Nor is Cuban's plan necessarily illegal. Under the law, Cuban must disclose his interest in the securities Carey covers and Carey's stories must be true, according to Mike Missal, a partner at Kirkpatrick & Lockhart Nicholson Graham specializing in securities regulatory matters. “Then they'll probably be OK,” Missal says.
As an enforcement attorney for the Securities & Exchange Commission in the 1980s, Missal prosecuted a landmark case of journalist insider-trading. Then-Wall Street Journal reporter Foster Winans was convicted of fraud in 1985 for passing tips to stock brokers about information that would appear in upcoming Heard on the Street columns. The brokers allegedly reaped about $675,000 from the arrangement and paid about $31,000 to Winans and his partner. However, one key element in that case was that Winans didn't disclose the trading up-front, according to Missal.
It's uncertain whether Sharesleuth.com has a feasible economic model. The site was originally conceived as a subscription-based service intended for traders, money managers, and other high-end users, according to Carey. “Then Mark decided that, rather than cast about for subscriptions without a track record, we should just put it all up there in a blog-style format for a year or so.&rdquo After the site proves its value, so the plan goes, its founders will look for ways to generate revenue.
Cuban's multimedia empire could give the business a boost. His film-production companies backed the Oscar-nominated biopic Good Night, and Good Luck and documentary Enron: The Smartest Guys in the Room, and he owns the high-definition television network HDNet (see BusinessWeek.com, 4/24/06, "Almost Ready for Prime Time"), a movie distributor, and the Landmark Theatres chain. Sharesleuth.com would take advantage of those capacities, as reporting done for the website could be adapted to other media, such as video.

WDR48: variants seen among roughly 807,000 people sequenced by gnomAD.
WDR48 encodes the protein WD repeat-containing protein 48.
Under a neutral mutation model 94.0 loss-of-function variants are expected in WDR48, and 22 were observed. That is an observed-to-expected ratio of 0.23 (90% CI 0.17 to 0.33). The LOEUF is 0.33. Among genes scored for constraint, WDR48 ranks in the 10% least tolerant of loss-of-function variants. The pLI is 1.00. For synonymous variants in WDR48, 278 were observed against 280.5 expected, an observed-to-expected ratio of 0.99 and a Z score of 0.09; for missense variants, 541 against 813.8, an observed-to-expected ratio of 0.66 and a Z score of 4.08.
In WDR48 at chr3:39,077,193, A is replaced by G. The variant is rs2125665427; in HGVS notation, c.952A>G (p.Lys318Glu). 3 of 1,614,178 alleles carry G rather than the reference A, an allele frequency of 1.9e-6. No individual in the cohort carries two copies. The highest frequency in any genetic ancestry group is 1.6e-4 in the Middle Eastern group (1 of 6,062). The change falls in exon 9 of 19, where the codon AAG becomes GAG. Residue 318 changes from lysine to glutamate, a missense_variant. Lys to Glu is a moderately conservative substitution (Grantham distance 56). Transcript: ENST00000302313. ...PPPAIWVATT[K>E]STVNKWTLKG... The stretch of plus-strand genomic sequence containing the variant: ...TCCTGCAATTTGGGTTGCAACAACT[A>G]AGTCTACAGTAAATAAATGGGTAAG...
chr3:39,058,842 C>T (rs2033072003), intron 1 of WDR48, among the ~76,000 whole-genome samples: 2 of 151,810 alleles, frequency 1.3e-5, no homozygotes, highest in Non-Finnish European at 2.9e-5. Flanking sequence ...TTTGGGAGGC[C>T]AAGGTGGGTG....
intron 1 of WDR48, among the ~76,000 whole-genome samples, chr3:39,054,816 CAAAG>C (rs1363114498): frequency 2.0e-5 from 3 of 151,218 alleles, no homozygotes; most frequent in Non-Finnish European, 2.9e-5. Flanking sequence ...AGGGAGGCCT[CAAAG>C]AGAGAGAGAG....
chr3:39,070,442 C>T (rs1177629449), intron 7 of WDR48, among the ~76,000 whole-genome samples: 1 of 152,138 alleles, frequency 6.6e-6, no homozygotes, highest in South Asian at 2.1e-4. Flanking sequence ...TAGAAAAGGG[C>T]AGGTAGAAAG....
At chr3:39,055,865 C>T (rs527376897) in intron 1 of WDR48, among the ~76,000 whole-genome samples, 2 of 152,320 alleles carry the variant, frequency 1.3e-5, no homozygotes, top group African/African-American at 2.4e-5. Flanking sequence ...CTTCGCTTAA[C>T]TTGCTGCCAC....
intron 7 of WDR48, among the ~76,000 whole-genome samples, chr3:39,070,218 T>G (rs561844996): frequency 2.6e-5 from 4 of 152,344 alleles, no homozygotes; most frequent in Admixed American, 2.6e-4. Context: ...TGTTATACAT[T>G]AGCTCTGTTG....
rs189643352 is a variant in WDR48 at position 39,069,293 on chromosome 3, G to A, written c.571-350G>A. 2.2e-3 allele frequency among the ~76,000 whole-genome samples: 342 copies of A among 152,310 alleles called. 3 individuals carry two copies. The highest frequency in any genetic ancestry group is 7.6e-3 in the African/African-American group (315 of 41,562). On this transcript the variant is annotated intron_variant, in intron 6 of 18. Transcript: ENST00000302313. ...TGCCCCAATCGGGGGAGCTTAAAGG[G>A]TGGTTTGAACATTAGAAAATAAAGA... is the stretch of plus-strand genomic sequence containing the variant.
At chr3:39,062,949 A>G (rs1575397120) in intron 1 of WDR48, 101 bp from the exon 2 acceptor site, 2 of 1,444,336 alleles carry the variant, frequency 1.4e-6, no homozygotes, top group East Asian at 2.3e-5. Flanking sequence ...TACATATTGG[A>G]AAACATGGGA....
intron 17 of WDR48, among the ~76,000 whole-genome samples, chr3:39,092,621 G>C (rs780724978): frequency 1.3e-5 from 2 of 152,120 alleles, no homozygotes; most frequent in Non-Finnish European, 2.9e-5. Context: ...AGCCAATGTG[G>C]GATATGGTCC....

It also helps that overhead will probably be low. Carey says he'll do most of the reporting, aided by some paid stringers. He also expects help from a network of amateur researchers, “people with whom I've been corresponding for years,” he says. “In essence, they provide tips and some supporting documentation and I take it from there.”
THE NEW JOURNALISM.
This collaborative vision of the future of online journalism may not even be far off the mark. “Does anyone in mainstream media honestly believe user-generated content stops with parodies of “Lazy Sunday” [a popular Saturday Night Live sketch]?” (see BusinessWeek.com, 4/3/06, "Designs on the Disaffected").
Cuban wrote on his blog. “Troll through MySpace (NWS). It's not only for personal branding.”
Still, even if NBA officials long ago stopped calling traveling violations, credibility remains the cornerstone of the journalistic endeavor. Carey says doing business with Cuban solely through e-mail “is not uncommon.” Nevertheless, their virtual relationship will soon become a working relationship. It will be worth watching how long a veteran reporter and an entrepreneur notorious for his tantrums can continue to break the news before the news breaks up their partnership.